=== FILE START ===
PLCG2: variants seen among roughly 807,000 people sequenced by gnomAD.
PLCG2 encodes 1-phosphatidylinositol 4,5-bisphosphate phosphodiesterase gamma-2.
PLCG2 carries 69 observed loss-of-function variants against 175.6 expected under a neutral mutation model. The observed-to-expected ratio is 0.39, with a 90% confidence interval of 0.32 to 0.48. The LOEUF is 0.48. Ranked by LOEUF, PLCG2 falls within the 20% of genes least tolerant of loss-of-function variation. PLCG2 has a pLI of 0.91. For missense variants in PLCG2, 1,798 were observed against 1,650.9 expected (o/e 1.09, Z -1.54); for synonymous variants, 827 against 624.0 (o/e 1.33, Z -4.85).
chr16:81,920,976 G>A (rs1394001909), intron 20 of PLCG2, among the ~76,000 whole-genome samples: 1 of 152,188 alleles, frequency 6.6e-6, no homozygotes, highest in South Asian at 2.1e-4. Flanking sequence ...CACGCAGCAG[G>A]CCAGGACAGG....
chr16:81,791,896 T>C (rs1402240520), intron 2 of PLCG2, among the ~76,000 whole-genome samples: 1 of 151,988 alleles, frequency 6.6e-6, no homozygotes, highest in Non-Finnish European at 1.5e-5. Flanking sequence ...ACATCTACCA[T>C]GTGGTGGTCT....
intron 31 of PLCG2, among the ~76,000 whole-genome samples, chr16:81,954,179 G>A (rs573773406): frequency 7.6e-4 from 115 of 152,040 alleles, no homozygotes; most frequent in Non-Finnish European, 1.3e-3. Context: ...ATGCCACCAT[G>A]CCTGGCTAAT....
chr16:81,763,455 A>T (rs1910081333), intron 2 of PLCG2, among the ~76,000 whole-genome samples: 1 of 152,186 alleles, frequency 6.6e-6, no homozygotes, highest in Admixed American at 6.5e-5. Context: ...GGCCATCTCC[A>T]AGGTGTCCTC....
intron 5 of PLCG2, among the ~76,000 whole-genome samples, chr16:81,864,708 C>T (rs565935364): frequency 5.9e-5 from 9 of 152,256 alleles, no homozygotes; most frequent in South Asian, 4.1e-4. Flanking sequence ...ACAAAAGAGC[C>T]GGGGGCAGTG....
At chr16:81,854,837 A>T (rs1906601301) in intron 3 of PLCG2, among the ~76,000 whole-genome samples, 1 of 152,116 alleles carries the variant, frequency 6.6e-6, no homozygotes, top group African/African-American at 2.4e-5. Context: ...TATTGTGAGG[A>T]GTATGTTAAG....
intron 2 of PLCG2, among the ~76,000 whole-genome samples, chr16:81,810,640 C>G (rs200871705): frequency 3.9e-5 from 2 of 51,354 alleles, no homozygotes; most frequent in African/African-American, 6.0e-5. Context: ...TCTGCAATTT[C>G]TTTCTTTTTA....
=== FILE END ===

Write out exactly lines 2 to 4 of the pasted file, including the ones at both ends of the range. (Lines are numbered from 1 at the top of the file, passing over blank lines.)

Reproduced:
PLCG2 encodes 1-phosphatidylinositol 4,5-bisphosphate phosphodiesterase gamma-2.
PLCG2 carries 69 observed loss-of-function variants against 175.6 expected under a neutral mutation model. The observed-to-expected ratio is 0.39, with a 90% confidence interval of 0.32 to 0.48. The LOEUF is 0.48. Ranked by LOEUF, PLCG2 falls within the 20% of genes least tolerant of loss-of-function variation. PLCG2 has a pLI of 0.91. For missense variants in PLCG2, 1,798 were observed against 1,650.9 expected (o/e 1.09, Z -1.54); for synonymous variants, 827 against 624.0 (o/e 1.33, Z -4.85).
chr16:81,920,976 G>A (rs1394001909), intron 20 of PLCG2, among the ~76,000 whole-genome samples: 1 of 152,188 alleles, frequency 6.6e-6, no homozygotes, highest in South Asian at 2.1e-4. Flanking sequence ...CACGCAGCAG[G>A]CCAGGACAGG....